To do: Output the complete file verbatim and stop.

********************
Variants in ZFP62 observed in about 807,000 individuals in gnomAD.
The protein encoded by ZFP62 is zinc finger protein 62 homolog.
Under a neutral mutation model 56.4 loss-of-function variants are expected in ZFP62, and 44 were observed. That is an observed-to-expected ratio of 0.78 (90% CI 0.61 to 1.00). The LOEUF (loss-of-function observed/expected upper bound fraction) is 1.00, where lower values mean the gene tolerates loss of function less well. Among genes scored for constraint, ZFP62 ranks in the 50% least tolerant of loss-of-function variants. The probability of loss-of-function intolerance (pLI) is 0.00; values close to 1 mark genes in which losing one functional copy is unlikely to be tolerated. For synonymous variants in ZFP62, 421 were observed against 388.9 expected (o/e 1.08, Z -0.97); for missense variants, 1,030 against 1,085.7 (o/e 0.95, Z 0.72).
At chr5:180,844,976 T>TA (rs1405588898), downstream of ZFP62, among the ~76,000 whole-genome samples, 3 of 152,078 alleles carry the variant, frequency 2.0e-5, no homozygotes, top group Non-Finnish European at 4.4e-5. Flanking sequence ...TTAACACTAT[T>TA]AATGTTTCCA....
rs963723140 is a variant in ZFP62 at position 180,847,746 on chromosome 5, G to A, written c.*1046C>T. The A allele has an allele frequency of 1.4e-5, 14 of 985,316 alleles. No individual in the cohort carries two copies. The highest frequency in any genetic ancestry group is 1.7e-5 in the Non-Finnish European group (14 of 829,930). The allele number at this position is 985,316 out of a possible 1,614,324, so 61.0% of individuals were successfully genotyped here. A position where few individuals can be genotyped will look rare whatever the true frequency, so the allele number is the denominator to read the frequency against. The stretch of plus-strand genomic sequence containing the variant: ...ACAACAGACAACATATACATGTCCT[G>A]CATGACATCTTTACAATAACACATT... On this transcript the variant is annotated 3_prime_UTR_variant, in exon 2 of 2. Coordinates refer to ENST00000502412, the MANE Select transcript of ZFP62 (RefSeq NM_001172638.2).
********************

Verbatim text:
Variants in ZFP62 observed in about 807,000 individuals in gnomAD.
The protein encoded by ZFP62 is zinc finger protein 62 homolog.
Under a neutral mutation model 56.4 loss-of-function variants are expected in ZFP62, and 44 were observed. That is an observed-to-expected ratio of 0.78 (90% CI 0.61 to 1.00). The LOEUF (loss-of-function observed/expected upper bound fraction) is 1.00, where lower values mean the gene tolerates loss of function less well. Among genes scored for constraint, ZFP62 ranks in the 50% least tolerant of loss-of-function variants. The probability of loss-of-function intolerance (pLI) is 0.00; values close to 1 mark genes in which losing one functional copy is unlikely to be tolerated. For synonymous variants in ZFP62, 421 were observed against 388.9 expected (o/e 1.08, Z -0.97); for missense variants, 1,030 against 1,085.7 (o/e 0.95, Z 0.72).
At chr5:180,844,976 T>TA (rs1405588898), downstream of ZFP62, among the ~76,000 whole-genome samples, 3 of 152,078 alleles carry the variant, frequency 2.0e-5, no homozygotes, top group Non-Finnish European at 4.4e-5. Flanking sequence ...TTAACACTAT[T>TA]AATGTTTCCA....
rs963723140 is a variant in ZFP62 at position 180,847,746 on chromosome 5, G to A, written c.*1046C>T. The A allele has an allele frequency of 1.4e-5, 14 of 985,316 alleles. No individual in the cohort carries two copies. The highest frequency in any genetic ancestry group is 1.7e-5 in the Non-Finnish European group (14 of 829,930). The allele number at this position is 985,316 out of a possible 1,614,324, so 61.0% of individuals were successfully genotyped here. A position where few individuals can be genotyped will look rare whatever the true frequency, so the allele number is the denominator to read the frequency against. The stretch of plus-strand genomic sequence containing the variant: ...ACAACAGACAACATATACATGTCCT[G>A]CATGACATCTTTACAATAACACATT... On this transcript the variant is annotated 3_prime_UTR_variant, in exon 2 of 2. Coordinates refer to ENST00000502412, the MANE Select transcript of ZFP62 (RefSeq NM_001172638.2).